Hi Jonni – re: the issue with weevils. I would think the addition at the mixing stage of Clove Essential Oil (just a few drops) would stop weevil infestation down the line. Bay leaves are used to discourage weevils in flour etc. so even Bay Leaf oil would work too, though I personally prefer the aroma of Clove oil. The Clove oil also discourages mould growth and is anti-bacterial. In fact, most essential oils are anti-fungal, anti-viral, and anti-bacterial, so conceivably one could use Lavender essential oil, or Eucalyptus, during the mixing stages if Clove oil wasn’t easily available. A few drops of essential aromatherapy oil in the gesso mix would be useful as well, and ensure the finished article remains relatively mould and insect free and smells great as well. The brands differ around the world, but when I say “aromatherapy essential oil” I’m talking about essential oils which are 100% strength, not the diluted in vegetable oil massage mixes (you’d need to use double amounts to get the same effect of the undiluted oils, but I’m still talking only drops, maybe 8-10 drops of the massage type oils into the mix rather than 4-6 drops of the 100% strength essential oils). As far as the amount to use goes, I’d go by smell rather than counting drops per se; if you can smell the Clove oil while kneading the mix, that’s how much to use next time. If you can’t smell it (and your nose works normally!) then add a few drops more next time; if you can’t smell it, its possible the weevils won’t be deterred either. But as with anything, don’t go overboard. 🙂 From experience as an aromatherapist, I’d reckon 6 drops per batch would be sufficient.
Thanks for all your feed back and experience . Have you ever used this air
dry clay over porcelain ( fired ) heads . I’m also concerned with the danger
of mineral oils now…. How can the sell these products , especially baby oil ?
Could there be a correlation between this and autisms , or other cancers ?
It’s bad enough all our foods have added dangers …… help ! We need to start
giant small development gardens , three to four lots , that have never been used
for cotton , or other crops sprayed for years with poison , or next to herds of
animal waste ….scarry
Hello, Jonni. I have been follower of your videos on YouTube. My favorite was the cat paper mache you made. I plan to make a dragon paper mache. Thing is, our local hardware doesn’t sell joint compound. Would you suggest a replacement for that?
I don’t know of any product that would replace the joint compound in this recipe, although you might find a paper pulp recipe on Google that would work for you. What country do you live in? Drywall joint compound is called different things in different countries, so your hardware store might sell it, but under a different name.
I am from the Philippines. I read from one of your posts on the names of drywall joint compound and found out that in India, it was called wall putty. I saw one at Ace Hardware near my place and decided to purchase a small container. Will try to use it this weekend. Hopefully, it will work. 🙂
Hi Jonni, thanks so much for all that advice and help. I’m going to make a huge pumpkin (at least 24 inches wide) to make a Cinderella Coach for my dog to pull in parades.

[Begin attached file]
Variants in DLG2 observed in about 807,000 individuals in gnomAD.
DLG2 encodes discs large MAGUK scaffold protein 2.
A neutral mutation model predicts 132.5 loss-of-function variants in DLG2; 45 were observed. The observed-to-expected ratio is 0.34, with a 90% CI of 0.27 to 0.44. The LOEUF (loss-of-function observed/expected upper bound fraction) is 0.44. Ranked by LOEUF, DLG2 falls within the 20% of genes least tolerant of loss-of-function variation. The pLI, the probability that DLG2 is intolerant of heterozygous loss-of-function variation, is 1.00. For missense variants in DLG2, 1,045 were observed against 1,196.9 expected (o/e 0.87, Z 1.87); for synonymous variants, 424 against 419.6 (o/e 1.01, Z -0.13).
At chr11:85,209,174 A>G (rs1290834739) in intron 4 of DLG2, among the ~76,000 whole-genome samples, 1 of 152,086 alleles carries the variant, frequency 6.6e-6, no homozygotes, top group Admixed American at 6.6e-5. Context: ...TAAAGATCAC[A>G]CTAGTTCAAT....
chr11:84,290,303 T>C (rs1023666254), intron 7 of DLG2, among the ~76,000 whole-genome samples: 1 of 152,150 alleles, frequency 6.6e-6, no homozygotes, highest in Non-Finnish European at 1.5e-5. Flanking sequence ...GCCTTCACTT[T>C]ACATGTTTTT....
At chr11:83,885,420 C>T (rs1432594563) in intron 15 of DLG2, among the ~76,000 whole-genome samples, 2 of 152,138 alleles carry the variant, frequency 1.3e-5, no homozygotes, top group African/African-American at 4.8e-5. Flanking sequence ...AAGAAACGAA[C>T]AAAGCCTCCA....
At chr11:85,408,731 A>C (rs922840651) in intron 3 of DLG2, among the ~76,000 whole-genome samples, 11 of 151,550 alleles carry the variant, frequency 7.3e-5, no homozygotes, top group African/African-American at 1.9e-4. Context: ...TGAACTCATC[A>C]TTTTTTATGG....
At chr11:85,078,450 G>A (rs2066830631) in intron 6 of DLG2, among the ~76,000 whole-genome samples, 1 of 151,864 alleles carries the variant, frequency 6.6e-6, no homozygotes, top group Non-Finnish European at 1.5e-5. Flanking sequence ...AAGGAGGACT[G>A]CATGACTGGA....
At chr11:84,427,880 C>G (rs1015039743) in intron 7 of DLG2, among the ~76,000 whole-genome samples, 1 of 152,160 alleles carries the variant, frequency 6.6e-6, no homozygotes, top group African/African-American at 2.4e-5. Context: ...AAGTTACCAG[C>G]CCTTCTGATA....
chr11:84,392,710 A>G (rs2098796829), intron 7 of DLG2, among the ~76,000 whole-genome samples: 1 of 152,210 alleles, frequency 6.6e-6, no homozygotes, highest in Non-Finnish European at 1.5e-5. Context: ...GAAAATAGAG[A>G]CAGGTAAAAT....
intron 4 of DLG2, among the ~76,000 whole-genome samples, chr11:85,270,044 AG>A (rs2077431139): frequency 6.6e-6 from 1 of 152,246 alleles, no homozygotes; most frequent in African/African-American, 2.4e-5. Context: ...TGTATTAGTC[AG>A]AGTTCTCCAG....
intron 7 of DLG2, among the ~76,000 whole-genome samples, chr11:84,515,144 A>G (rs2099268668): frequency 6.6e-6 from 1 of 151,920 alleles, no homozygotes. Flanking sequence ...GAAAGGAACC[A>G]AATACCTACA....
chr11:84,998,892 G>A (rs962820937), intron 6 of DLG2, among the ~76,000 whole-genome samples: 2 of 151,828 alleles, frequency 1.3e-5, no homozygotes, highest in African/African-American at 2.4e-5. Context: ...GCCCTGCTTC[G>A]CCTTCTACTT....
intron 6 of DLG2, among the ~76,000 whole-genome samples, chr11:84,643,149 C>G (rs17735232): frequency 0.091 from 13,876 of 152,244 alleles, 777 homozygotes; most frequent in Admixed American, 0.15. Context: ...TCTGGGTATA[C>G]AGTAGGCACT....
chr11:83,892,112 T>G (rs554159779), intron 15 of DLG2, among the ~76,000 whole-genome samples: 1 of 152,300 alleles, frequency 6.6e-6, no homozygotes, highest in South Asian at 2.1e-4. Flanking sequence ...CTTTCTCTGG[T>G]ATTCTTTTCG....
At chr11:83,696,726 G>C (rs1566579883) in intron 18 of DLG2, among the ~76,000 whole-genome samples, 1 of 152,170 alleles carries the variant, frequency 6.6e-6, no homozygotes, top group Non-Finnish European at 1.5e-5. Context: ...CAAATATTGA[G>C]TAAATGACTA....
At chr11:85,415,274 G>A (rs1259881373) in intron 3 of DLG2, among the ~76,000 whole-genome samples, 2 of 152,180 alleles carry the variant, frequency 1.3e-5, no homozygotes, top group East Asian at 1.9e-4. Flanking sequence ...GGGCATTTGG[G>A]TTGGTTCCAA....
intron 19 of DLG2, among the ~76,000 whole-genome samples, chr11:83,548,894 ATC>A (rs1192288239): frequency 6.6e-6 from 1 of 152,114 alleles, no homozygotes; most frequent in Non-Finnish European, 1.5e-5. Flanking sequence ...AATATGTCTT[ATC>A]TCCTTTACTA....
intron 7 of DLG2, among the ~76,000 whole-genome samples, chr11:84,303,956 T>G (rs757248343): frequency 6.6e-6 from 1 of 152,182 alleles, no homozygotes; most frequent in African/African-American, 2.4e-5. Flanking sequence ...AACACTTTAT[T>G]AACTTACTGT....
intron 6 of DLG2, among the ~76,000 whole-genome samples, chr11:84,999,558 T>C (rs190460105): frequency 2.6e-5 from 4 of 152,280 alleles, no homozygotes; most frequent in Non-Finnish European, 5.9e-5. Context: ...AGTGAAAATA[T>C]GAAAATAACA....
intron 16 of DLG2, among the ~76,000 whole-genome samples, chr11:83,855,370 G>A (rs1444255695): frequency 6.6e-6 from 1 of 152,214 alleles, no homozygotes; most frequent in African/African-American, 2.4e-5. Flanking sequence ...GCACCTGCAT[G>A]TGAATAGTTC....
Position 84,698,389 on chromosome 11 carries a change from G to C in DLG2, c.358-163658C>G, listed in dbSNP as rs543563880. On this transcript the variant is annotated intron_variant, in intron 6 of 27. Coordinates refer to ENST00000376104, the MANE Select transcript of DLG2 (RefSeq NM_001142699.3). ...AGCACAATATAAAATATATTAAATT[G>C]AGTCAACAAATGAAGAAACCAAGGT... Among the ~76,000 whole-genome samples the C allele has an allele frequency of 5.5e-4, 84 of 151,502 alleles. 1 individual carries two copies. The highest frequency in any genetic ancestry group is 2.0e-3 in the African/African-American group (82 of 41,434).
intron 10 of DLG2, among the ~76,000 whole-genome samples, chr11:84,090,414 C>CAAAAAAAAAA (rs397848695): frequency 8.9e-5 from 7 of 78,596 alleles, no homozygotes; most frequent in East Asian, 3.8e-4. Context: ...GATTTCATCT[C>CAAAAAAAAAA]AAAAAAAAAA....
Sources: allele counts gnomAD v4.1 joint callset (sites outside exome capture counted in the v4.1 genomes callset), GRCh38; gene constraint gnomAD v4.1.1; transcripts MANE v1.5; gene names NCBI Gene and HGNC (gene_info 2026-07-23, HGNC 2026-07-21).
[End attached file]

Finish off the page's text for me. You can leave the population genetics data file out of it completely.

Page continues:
Frustratingly, the video on mixing Air Dry Clay seems to have gone AWOL again. Is it on Youtube? If you would like I will send you a picture of Cinderella’s Coach when it’s finished. Photo of the current dog cart with my grand-daughter and oldest dog is attached.
I put a direct link to the video under the Paper Mache Recipes tab. With so many posts on this blog, it’s a bit difficult to figure out how to make it easy to find stuff. Here’s the link. And yes – of course I’d like to see the coach when it’s finished. Please post it so we can all see how it comes out.
That’s a big cart, for a big dog. Does he like pulling it?
She loves to pull it Jonni, every time we take it out to put in our car, her feet and eyes start dancing in anticipation. She will go all day for children, then come home and play with our puppy. A very fit but not very big girl (for a Rottweiler) at “only” 85 pounds.
You can find calcium carbonate at a ceramics supply store. A local one here carries 5 lb for $7.50.
I Planning to make a new sculpture with more details in it. So I want the clay not drying for maximum time while working and I want smooth finishing also. Which clay recipe is best for this .Pls. advise.
The original paper mache clay recipe stays soft and workable longer than the new air dry clay, although you can keep the sculpture covered to keep it fresh longer. If you want the maximum time, though, I’d stick with the original.
I wanted to ask you a simple question about Paper Mache. I’ve been trying my hand in pepakura modeling and was wondering if paper mache would be a good coating to make EVA foam hard or sturdy? What do you think? Thanks.
Thank you for the recipe. I was looking for a paper mache recipe to make gum drops for my granddaugher’s candyland party. This sounds like I can do so much more. I will post my pics when I complete them.
I mentioned a few weeks back that I would try your new air dry clay recipe with calcium carbonate in place of the flour. The batch was very successful, and using wet fingers did result in a little slip, rather than a little glue which is what the flour gives you. Both batches behaved fairly similar but the most important difference in my mind, however, is how well it keeps. The batch with the flour went moldy within 4 days, and it’s been around 3 weeks and the batch with calcium carbonate has no mold growth.
Excellent experiment, Morgan. Have you made anything with your new clay yet? And did you find a good source for the calcium carbonate?
I am making a snowman with the adjusted recipe, I will post pics of it when it is finished. For all intents and purposes it behaves almost identically to your recipe, except if you wet it a little rather than becoming gummy because of the flour, it has a little more slip to it. Here, in Australia, calcium carbonate (sold as “whiting”) is often used for marking the white lines on sports fields so it’s pretty inexpensive. A 25kg bag costs about $30 and is easily obtainable.
Now I have to go through my boxes and find my bag of powdered marble – I know I have some around here somewhere. And now that I’ve moved to a sports-oriented town, maybe I can get some whiting at the local sports shop. Thanks for doing these experiments – I look forward to seeing your snowman when it’s done.
Does this recipe when dry , shrink ?
Yes, it shrinks a little.
Here’s a photo of our project! Thanks again!
They came out great! What a fun project.